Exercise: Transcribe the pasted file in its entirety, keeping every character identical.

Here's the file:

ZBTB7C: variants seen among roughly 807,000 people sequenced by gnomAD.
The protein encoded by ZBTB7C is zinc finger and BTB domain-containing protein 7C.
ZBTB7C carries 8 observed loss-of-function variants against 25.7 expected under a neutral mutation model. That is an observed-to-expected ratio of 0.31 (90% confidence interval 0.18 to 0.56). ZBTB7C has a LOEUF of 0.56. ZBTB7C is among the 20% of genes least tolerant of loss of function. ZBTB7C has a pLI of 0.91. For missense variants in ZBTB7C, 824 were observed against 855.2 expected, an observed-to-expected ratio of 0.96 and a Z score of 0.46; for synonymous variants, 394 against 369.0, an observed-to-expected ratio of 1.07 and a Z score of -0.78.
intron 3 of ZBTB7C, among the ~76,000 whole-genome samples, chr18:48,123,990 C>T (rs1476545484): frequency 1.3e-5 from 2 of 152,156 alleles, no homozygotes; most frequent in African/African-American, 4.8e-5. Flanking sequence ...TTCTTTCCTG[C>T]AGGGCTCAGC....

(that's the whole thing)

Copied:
ZBTB7C: variants seen among roughly 807,000 people sequenced by gnomAD.
The protein encoded by ZBTB7C is zinc finger and BTB domain-containing protein 7C.
ZBTB7C carries 8 observed loss-of-function variants against 25.7 expected under a neutral mutation model. That is an observed-to-expected ratio of 0.31 (90% confidence interval 0.18 to 0.56). ZBTB7C has a LOEUF of 0.56. ZBTB7C is among the 20% of genes least tolerant of loss of function. ZBTB7C has a pLI of 0.91. For missense variants in ZBTB7C, 824 were observed against 855.2 expected, an observed-to-expected ratio of 0.96 and a Z score of 0.46; for synonymous variants, 394 against 369.0, an observed-to-expected ratio of 1.07 and a Z score of -0.78.
intron 3 of ZBTB7C, among the ~76,000 whole-genome samples, chr18:48,123,990 C>T (rs1476545484): frequency 1.3e-5 from 2 of 152,156 alleles, no homozygotes; most frequent in African/African-American, 4.8e-5. Flanking sequence ...TTCTTTCCTG[C>T]AGGGCTCAGC....